1. 5 out of 5

    Patrick Sherriff

    You can read this in an hour or two, and if you are new to the world of work and especially management, it will be the best couple of hours you could spend reading about work. Reading it now as a self-employed post-company old-fogey, I notice how much of it is concerned with behaving respectfully of the hierarchy and status quo. That's not a bad thing at all if you want a career in a corporate environment, less essential if you want to foster the entrepreneur within. Still, good advice for being You can read this in an hour or two, and if you are new to the world of work and especially management, it will be the best couple of hours you could spend reading about work. Reading it now as a self-employed post-company old-fogey, I notice how much of it is concerned with behaving respectfully of the hierarchy and status quo. That's not a bad thing at all if you want a career in a corporate environment, less essential if you want to foster the entrepreneur within. Still, good advice for being an ethical businessperson and respectful human being. * * * Patrick Sherriff publishes a monthly newsletter - http://eepurl.com/bFkt0X - highlighting good fiction published in English about Japan. He lives in Abiko with his wife and two daughters.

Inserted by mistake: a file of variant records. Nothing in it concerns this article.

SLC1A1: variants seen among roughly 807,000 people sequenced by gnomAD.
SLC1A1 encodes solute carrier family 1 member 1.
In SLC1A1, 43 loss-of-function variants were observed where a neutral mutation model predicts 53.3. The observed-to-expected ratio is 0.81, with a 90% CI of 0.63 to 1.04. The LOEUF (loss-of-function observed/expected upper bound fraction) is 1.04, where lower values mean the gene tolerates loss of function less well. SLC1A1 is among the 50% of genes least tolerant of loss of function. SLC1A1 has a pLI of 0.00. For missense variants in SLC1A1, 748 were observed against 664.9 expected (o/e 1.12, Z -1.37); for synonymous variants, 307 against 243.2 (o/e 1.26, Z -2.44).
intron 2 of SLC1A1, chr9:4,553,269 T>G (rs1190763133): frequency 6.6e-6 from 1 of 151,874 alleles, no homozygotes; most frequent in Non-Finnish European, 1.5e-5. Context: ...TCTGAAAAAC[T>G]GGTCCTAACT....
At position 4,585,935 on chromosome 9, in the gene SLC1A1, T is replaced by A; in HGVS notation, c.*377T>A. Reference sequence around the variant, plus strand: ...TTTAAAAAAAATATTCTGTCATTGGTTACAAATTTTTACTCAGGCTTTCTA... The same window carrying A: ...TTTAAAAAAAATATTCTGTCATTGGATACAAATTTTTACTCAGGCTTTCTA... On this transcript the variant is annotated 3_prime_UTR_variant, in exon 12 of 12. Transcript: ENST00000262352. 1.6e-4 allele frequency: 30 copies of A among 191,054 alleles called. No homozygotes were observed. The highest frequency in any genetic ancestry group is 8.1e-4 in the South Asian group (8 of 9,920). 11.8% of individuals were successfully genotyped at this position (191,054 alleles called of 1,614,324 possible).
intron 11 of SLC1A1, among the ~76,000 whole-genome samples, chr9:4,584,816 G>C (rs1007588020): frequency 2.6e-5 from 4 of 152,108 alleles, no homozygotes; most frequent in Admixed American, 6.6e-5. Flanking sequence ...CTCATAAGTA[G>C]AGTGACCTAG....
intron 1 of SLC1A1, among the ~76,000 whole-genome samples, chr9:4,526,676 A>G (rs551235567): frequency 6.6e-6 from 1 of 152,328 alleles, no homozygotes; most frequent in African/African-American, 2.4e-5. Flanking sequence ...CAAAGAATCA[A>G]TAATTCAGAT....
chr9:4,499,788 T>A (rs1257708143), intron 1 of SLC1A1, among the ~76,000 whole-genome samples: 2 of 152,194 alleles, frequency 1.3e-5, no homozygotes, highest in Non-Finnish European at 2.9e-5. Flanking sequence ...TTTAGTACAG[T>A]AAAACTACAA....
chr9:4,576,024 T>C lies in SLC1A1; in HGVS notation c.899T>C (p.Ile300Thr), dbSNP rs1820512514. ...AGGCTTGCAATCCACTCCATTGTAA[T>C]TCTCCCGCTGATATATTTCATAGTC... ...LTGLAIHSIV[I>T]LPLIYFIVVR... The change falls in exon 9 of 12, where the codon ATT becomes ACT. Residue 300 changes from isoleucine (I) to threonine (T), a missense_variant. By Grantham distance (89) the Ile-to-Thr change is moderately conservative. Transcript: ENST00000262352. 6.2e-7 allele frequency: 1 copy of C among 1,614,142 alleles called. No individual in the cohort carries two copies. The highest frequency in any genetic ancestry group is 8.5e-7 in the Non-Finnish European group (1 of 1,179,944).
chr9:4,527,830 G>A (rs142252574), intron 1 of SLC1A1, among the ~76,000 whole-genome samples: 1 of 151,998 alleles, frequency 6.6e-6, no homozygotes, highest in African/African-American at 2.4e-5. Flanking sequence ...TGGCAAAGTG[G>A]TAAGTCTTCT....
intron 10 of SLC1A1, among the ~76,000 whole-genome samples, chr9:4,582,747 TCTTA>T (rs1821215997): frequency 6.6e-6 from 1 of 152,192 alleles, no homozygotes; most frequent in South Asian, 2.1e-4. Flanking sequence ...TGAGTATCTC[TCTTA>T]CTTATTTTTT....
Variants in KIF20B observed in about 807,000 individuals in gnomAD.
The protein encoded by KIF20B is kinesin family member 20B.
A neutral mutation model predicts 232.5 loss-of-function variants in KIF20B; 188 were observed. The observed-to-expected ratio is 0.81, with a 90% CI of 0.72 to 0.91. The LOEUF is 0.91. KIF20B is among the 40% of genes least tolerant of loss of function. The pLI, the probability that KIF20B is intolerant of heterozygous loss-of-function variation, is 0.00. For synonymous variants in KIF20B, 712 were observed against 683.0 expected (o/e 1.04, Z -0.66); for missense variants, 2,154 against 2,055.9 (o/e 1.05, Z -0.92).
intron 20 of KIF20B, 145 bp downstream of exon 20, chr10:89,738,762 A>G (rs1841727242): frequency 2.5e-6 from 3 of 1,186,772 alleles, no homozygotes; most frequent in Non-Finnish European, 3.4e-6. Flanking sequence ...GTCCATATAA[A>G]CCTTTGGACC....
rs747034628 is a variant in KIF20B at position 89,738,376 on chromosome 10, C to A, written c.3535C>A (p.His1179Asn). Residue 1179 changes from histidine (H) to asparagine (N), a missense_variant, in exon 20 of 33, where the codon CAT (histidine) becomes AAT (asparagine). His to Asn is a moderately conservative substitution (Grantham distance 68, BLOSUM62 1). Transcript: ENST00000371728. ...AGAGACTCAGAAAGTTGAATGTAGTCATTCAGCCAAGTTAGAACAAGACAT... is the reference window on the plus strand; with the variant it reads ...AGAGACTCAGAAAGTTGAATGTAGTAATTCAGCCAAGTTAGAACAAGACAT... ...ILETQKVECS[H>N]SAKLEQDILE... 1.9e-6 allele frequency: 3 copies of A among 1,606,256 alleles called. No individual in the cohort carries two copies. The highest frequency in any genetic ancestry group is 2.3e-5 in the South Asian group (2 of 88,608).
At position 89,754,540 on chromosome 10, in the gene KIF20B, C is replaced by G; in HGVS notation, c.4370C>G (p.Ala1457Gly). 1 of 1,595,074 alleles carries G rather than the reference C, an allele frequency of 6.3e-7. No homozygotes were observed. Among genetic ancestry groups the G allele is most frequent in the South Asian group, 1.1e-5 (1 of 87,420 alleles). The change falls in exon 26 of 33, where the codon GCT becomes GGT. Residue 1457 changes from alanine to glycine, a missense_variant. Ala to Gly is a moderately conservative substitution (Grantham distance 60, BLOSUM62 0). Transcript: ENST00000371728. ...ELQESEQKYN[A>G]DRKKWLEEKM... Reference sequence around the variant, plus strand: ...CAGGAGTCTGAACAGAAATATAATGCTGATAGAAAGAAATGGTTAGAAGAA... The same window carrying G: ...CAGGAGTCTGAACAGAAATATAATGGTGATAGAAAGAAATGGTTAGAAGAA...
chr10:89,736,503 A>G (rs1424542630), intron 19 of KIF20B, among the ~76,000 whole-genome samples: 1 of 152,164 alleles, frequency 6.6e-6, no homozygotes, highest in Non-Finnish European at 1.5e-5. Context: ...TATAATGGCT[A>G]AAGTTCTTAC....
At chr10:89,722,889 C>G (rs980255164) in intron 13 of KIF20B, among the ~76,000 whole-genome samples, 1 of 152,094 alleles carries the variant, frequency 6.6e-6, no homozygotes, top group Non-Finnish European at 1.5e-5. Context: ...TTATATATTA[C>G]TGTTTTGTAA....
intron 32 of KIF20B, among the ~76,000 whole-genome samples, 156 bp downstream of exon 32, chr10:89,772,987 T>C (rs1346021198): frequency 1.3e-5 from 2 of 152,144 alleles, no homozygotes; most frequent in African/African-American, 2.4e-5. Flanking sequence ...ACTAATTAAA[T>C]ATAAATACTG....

2. 5 out of 5

    Raven Sanders

    This book was given to all of the engineers in my department and I could not recommend a professionally-oriented book more to anyone in a technical field. While much of it seems like common sense, it provides good reminders and insights in navigating the workplace. It covers all of the topics not covered explicitly in school and could prove useful to anyone, not just someone early in their career.

  3. 4 out of 5

    Vladimir Tarasov

    The World may be a better place if the Holy Bible in hotel rooms will be replaced with this one. Just kidding, however I can recommend it to any newly-baked knowledge worker nowadays. It was also interesting to find a plenty of rules which are close to Agile principles. Common sense can't get outdated.

  4. 5 out of 5

    Vinayak Hegde